Given that one of the things Hitchhiker’s Guide features is the notion of ‘Plural Zones’ – which gave rise to the idea of there being a near-infinite number of alternative realities – it remained to be seen whether fans could accept one which had neither Joneses Simon nor Peter starring in it. Things didn’t seem to bode particularly well after a rough cut was screened, and the Douglas Adams biographer M.J. Simpson wrote a rather excoriating 10,000 word review, which led to Slartibartfast actor Bill Nighy rather colourfully voicing his open disapproval of the writer during publicity rounds for the movie.
This might not have been the Hitchhiker’s Guide that fans were used to, but if you’d compared the different iterations there’d been to date, none of them were actually the same, and they all varied in their own ways, some more drastically than others. Although Adams hadn’t actually produced the final shooting draft himself, his DNA ran through the whole script, and used new concepts he’d either created or refined from other writers’ earlier attempts. As such, the movie of Hitchhiker’s Guide is as valid as any of the other versions since 1978.
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It certainly seemed to have been relatively well received, as it took £4.2 million in the UK during its opening week after being released on April 28th 2005; when it came out in the US, The Hitchhiker’s Guide To The Galaxy featured in the Box Office Top 10 for its first four weeks. By the time it had finished its theatrical run, Hitchhiker’s Guide had grossed a total of $104,478,416 around the globe. However, it wasn’t enough to secure a trip to Milliways, the Restaurant At The End Of The Universe, as this not insignificant amount sadly didn’t make the grade to ensure a sequel.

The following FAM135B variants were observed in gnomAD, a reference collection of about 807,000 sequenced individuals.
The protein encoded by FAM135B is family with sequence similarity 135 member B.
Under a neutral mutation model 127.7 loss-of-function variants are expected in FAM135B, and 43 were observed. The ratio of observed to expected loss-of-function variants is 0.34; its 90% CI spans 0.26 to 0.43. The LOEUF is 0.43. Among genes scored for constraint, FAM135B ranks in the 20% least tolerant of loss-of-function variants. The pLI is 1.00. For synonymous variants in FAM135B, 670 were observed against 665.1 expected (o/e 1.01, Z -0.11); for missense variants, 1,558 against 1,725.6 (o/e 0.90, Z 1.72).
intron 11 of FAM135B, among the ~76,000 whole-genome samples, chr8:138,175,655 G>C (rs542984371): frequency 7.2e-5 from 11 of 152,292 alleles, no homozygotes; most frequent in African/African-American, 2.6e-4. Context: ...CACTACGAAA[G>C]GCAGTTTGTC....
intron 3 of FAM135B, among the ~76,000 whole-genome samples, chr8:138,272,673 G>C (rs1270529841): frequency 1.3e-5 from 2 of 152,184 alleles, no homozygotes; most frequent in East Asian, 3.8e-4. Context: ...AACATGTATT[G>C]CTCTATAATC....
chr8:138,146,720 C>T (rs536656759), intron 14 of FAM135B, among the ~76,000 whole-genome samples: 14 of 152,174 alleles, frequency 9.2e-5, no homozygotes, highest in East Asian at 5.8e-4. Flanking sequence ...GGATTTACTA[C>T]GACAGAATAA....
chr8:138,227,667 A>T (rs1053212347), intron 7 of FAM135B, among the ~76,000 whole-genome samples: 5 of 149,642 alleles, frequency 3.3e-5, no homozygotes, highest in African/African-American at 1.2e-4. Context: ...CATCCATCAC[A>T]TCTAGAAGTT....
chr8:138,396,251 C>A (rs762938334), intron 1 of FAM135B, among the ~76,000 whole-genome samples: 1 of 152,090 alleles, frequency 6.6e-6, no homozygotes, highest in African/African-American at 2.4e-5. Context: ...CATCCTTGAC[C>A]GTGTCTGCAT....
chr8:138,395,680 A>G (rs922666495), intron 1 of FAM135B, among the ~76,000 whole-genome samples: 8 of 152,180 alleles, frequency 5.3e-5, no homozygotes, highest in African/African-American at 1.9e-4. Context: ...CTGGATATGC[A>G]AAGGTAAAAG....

So, Hitchhiker’s Guide‘s run on the silver screen was all too brief, but we should be grateful that it reached cinemas at all, after languishing away in Development Hell for over two decades. It may not be what some fans were expecting, but for some people this would have been their first exposure to Douglas Adams’ creation, and drawn them into wanting to check out the books, the radio shows, the TV series, and so on. Hopefully, one day we might get to see another movie, whether a delayed sequel, or maybe an entirely new take on the material altogether.
Who knows, maybe one day we’ll finally be able to say: So long, and thanks for all the flicks.